Will—or should–budget talks in Washington, D.C., impact Social Security? Whatever the politicians do or don’t do, Americans have definite opinions on the issue. An excellent AP story by Matt Sedensky—headlined POLL: OLDER AMERICANS NIX SOCIAL SECURITY CHANGES—has some interesting poll results on the subject. Excerpts from the article:
“Raise the age at which you can begin collecting full Social Security benefits? Older Americans say no. They also veto reductions in the cost-of-living increase. But a poll finds support among those 50 and older for raising the cap on earnings that are taxed to fund the Social Security program so higher-income workers pay more.
“The survey by the Associated Press-NORC Center for Public Affairs Research finds passionate opposition to any change in the way Social Security benefits are calculated that could result in smaller annual raises.
“The poll found that 62 percent of respondents expressed opposition to such a proposal, compared with 21 percent who supported it.
“The chained CPI, or consumer price index, has been proposed as a new way of calculating the cost-of-living adjustment, but it would reduce raises.
“About the same number, 58 percent, oppose gradually raising the age when retirees qualify for full benefits, while 29 percent support it. About one-third believe people should be eligible for full benefits before 65. Only 10 percent say full eligibility should come after 67, the top eligibility age under current law.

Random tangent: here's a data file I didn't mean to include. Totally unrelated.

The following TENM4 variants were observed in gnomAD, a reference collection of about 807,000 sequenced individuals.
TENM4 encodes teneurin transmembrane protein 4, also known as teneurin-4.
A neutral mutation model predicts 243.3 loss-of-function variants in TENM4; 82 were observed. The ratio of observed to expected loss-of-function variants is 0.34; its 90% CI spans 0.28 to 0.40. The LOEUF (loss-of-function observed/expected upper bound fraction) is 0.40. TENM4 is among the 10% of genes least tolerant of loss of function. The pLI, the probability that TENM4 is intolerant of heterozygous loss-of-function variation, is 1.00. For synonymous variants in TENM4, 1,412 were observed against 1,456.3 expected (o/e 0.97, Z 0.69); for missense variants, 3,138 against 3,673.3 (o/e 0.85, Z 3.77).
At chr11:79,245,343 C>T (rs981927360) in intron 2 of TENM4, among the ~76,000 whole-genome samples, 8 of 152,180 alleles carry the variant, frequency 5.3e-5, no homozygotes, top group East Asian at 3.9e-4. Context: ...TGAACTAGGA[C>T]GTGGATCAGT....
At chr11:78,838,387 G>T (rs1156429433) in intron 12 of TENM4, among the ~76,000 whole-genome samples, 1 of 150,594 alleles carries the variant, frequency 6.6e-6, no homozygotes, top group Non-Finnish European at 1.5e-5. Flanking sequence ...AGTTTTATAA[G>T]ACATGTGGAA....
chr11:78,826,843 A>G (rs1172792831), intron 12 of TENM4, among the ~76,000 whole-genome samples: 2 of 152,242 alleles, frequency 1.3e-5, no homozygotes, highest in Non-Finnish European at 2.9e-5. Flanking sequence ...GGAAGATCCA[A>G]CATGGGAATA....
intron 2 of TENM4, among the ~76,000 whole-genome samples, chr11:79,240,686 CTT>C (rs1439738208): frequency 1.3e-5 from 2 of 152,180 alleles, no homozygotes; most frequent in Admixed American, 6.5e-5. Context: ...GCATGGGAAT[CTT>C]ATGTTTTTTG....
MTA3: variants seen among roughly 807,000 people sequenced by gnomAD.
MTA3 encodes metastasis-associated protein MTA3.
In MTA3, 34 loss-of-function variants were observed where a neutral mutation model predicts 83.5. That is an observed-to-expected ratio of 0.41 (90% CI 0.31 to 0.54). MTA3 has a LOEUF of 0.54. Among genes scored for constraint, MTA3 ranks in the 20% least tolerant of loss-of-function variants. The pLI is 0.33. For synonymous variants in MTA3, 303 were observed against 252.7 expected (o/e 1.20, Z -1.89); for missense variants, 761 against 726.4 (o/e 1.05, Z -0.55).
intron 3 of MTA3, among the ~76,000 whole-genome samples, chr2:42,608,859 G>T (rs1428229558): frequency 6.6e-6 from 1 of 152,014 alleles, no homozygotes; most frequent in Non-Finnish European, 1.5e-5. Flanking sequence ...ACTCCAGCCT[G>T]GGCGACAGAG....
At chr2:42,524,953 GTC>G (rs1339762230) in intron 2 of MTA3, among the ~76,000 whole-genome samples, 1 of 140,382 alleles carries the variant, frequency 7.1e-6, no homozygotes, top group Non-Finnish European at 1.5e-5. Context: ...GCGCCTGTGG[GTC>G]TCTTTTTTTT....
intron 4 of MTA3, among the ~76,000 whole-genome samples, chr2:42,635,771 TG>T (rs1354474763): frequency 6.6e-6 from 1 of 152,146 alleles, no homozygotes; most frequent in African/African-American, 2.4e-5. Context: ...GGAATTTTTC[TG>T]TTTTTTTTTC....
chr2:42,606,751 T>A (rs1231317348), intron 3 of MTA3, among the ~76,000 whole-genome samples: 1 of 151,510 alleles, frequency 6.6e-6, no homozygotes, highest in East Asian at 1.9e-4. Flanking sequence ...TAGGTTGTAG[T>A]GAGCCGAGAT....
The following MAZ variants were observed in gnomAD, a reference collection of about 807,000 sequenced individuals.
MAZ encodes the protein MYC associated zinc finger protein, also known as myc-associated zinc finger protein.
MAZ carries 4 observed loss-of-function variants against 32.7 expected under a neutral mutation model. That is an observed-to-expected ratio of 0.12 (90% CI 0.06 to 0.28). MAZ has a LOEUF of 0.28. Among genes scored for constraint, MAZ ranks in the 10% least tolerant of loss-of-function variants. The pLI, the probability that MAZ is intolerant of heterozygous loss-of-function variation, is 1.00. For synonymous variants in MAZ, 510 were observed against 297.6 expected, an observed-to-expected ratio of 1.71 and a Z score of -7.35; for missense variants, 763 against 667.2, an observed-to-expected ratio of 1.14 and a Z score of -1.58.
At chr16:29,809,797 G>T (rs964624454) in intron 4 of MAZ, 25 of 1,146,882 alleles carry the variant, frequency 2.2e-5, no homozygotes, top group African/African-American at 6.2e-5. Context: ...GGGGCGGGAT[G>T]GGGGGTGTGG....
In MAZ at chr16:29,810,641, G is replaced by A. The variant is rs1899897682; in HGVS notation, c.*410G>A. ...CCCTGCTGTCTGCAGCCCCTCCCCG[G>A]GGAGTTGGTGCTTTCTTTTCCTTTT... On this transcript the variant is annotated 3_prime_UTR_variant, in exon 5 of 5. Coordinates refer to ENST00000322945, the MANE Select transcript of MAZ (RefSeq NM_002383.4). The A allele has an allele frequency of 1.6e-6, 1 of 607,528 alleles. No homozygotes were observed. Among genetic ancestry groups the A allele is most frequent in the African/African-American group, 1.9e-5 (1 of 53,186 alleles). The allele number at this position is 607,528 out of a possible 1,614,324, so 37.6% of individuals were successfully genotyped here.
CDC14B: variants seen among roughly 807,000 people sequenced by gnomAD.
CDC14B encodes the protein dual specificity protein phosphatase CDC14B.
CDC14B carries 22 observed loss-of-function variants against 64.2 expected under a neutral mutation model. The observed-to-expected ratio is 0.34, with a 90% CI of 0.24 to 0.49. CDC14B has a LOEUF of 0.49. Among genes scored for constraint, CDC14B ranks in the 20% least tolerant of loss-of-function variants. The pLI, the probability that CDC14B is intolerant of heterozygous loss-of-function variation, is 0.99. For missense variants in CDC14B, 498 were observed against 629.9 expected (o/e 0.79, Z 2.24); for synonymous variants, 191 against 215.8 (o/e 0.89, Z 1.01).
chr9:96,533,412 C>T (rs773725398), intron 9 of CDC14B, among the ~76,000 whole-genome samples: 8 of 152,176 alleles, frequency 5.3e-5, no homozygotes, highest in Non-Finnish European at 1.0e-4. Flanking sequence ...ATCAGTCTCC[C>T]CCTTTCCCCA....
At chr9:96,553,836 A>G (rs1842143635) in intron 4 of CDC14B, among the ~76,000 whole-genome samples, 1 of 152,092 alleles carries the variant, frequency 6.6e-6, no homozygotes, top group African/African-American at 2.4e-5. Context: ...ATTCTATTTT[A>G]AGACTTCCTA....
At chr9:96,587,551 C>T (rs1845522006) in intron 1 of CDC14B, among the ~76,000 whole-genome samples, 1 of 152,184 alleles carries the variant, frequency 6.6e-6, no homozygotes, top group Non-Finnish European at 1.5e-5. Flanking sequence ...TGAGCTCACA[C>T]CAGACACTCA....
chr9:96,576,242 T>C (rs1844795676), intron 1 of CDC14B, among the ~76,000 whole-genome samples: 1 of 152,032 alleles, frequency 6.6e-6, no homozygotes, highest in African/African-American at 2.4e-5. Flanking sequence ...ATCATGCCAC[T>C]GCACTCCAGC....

“Survey respondents showed more willingness to support Social Security proposals that would mostly impact those with higher incomes.
“Forty-one percent expressed support for reducing benefits for seniors with higher incomes, compared with 44 percent who opposed the proposal. Whites were much more supportive of reducing benefits for high-earning seniors than minorities.
“Changes to Social Security are on the horizon because the trust funds that support the massive retirement and disability program are projected to run dry in 2033. At that point, Social Security would only collect enough taxes to pay about three-fourths of benefits. If Congress doesn’t act, benefits automatically would be cut by about 25 percent.”